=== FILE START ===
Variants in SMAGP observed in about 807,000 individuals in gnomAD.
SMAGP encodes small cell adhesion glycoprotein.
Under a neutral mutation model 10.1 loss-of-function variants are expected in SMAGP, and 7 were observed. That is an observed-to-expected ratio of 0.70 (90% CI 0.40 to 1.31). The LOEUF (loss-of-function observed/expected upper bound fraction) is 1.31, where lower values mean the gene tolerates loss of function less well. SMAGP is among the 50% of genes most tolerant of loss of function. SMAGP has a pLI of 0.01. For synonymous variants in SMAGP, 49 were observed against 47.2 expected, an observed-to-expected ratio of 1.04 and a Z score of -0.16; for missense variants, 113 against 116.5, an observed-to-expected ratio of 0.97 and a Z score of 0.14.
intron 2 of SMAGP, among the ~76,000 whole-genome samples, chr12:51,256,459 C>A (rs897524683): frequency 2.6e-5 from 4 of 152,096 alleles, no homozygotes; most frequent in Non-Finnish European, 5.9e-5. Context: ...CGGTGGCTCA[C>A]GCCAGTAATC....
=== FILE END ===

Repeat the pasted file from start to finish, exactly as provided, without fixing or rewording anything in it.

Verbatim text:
Variants in SMAGP observed in about 807,000 individuals in gnomAD.
SMAGP encodes small cell adhesion glycoprotein.
Under a neutral mutation model 10.1 loss-of-function variants are expected in SMAGP, and 7 were observed. That is an observed-to-expected ratio of 0.70 (90% CI 0.40 to 1.31). The LOEUF (loss-of-function observed/expected upper bound fraction) is 1.31, where lower values mean the gene tolerates loss of function less well. SMAGP is among the 50% of genes most tolerant of loss of function. SMAGP has a pLI of 0.01. For synonymous variants in SMAGP, 49 were observed against 47.2 expected, an observed-to-expected ratio of 1.04 and a Z score of -0.16; for missense variants, 113 against 116.5, an observed-to-expected ratio of 0.97 and a Z score of 0.14.
intron 2 of SMAGP, among the ~76,000 whole-genome samples, chr12:51,256,459 C>A (rs897524683): frequency 2.6e-5 from 4 of 152,096 alleles, no homozygotes; most frequent in Non-Finnish European, 5.9e-5. Context: ...CGGTGGCTCA[C>A]GCCAGTAATC....